Qatar: Some workers lack legal status at World Cup host country

Written by Ahmed Shihab-Eldin, CNN Washington D.C.

The FIFA World Cup in Qatar is just a few years away, but its impressive growth plans in the world’s largest soccer country could face some backlash if its decision makers don’t address the rights of the country’s native population.

While the 2022 tournament is supposed to bring jobs, development and prosperity to Qatar, 1.4 million migrant workers are expected to be employed building stadiums, roads and sports stadiums in the tiny country.

Many of these workers are Egyptians who have worked in Qatar for years to build the host nation’s infrastructure, but the legal status of some of them is complicated.

A makeshift tent for migrants in Khaifa City, Qatar. Credit: Courtesy Nael Enezi, Khaifa City

Laws regarding migrant workers in Qatar vary based on the country’s nationality. While Egyptians in Qatar are only allowed to work in agriculture, illegal construction workers have been forced to get work in illegal factories in other professions.

Mohamed Hassan Hassan, a Qatari and a human rights activist, is calling for more public debate about the issue.

His mission is to raise awareness about his country’s treatment of migrant workers and to extend his support to Egyptian workers in Qatar who find themselves without legal status.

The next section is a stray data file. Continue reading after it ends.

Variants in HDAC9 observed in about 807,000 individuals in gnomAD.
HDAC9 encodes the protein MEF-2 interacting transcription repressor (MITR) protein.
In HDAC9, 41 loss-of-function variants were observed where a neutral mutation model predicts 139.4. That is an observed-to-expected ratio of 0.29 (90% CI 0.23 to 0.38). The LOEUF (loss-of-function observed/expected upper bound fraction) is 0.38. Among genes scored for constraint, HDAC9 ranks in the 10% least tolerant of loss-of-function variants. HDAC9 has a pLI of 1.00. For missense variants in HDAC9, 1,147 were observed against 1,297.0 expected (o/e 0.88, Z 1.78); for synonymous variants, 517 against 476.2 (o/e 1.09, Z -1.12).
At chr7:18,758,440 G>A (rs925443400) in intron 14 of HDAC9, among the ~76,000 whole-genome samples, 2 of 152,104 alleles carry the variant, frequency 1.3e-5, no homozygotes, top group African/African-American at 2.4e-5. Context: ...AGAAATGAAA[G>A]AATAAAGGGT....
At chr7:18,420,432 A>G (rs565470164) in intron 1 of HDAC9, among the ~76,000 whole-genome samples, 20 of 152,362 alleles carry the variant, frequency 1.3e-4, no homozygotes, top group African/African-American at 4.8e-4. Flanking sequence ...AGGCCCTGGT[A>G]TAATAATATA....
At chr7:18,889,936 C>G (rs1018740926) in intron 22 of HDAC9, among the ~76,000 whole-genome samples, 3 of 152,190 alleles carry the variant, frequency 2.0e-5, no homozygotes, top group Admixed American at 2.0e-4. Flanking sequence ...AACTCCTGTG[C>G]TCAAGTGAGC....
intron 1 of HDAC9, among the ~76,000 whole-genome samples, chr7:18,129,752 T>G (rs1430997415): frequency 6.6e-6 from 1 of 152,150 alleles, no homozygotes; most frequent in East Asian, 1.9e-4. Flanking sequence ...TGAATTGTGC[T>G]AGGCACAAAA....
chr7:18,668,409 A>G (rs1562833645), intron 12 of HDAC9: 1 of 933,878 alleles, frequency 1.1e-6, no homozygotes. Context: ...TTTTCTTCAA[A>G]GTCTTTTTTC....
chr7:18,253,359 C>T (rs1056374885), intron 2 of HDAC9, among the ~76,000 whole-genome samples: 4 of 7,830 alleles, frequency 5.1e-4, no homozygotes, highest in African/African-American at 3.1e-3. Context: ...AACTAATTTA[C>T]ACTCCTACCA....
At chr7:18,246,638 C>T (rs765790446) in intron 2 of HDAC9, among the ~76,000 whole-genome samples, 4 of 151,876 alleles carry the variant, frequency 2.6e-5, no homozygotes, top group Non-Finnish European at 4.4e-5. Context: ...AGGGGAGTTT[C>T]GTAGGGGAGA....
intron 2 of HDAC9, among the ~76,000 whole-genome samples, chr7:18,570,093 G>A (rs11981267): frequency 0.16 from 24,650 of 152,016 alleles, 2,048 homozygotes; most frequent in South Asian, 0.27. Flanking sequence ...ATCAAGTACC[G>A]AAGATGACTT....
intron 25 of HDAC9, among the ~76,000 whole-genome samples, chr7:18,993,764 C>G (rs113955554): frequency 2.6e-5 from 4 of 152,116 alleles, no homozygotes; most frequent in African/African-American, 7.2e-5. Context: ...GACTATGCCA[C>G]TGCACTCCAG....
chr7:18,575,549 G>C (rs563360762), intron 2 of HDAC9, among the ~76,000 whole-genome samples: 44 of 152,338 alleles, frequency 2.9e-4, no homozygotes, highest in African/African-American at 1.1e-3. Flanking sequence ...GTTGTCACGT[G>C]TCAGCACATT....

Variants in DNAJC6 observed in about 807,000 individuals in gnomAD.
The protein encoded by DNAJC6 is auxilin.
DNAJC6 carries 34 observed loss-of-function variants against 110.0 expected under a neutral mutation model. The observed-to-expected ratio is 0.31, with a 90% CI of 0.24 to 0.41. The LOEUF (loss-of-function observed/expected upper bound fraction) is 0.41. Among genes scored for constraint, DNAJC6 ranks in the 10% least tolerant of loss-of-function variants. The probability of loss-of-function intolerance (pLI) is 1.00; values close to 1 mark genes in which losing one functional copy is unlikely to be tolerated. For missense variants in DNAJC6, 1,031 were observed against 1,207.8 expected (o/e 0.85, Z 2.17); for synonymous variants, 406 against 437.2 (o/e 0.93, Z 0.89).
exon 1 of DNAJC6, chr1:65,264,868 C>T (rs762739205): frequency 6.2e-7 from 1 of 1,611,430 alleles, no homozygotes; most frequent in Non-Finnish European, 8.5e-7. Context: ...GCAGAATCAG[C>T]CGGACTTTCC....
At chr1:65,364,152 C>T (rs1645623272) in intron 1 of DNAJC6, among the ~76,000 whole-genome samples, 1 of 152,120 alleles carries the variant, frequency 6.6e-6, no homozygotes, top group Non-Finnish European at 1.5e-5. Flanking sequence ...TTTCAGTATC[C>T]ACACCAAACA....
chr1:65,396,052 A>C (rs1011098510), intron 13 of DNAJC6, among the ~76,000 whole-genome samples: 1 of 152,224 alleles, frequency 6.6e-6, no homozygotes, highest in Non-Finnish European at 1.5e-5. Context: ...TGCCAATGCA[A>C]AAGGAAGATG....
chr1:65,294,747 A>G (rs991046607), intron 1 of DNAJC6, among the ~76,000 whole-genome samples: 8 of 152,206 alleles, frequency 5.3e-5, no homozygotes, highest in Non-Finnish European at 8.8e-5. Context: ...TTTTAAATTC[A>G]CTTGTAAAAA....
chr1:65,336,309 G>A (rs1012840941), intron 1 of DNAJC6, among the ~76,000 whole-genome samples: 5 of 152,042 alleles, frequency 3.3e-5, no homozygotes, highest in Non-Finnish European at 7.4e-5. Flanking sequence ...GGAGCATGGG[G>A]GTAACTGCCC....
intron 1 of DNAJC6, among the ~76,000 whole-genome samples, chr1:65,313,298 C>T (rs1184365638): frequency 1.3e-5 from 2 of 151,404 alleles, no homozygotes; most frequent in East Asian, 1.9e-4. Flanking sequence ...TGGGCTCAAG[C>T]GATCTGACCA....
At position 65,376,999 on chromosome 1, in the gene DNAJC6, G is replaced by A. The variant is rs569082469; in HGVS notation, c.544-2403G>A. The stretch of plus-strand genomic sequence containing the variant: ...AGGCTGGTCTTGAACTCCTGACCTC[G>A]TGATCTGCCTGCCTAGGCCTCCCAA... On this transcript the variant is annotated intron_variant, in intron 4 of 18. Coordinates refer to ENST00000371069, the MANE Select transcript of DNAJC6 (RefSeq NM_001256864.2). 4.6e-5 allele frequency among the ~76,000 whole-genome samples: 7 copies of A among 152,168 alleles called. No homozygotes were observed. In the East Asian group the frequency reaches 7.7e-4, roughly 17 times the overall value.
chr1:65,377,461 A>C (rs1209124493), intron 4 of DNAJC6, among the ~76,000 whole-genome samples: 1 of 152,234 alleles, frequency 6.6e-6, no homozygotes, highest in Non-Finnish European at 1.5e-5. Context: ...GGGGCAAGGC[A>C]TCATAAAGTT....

“There are millions of Egyptians in Qatar; their living conditions here is horrible. They earn slave wages,” said Hassan.

A protest against Qatar’s treatment of migrant workers. Credit: Courtesy Ahmed al-Enezi, Khaifa City

“The question that’s been raised is what rights do they have? Are they going to get a chance to stand before authorities?”

On February 21, Hassan launched a petition calling for Qatar’s World Cup organizers to establish a panel of workers’ rights advisors to help workers navigate the system of migration in Qatar.

The petition already has more than 300,000 signatures.

“There are a number of areas that need to be addressed so that these workers can provide accurate information,” said Sohaib Abbasi, a visiting scholar at Georgetown University’s Center for Women’s Leadership, who follows the migrant worker issue in Qatar.

The exact number of migrant workers in Qatar is unknown. With the World Cup now eight years away, the issue has yet to gain more international attention.

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“The government has only stated that they’re planning to increase the number of workers in Qatar, and the World Cup,” said Abbasi. “Clearly, at some point this will raise political concerns about the numbers of migrant workers in Qatar.”

Shiamldin Masri, an Egyptian activist, was unhappy that the petition had gone unanswered by authorities.

“If the Qatari government was going to do anything about this, it’s clear that they have not been very responsive to the petition,” he said.

“I really felt that this was a good moment to tackle the issue,” Masri said. “I wanted to make the migration system in Qatar more accountable. That’s why I started the petition.”

Many Egyptians in Qatar aren’t only working in illegal factories, but also in unofficial restaurants. Founded in 2008 by Masri, the NGO, Dawa Egyliche Kihsi (“Egyptian Workers in Khaifa City”) gathers Egyptian workers and workers’ rights activists together. In its seven years of existence, the group has collected more than 2,000 signatures.

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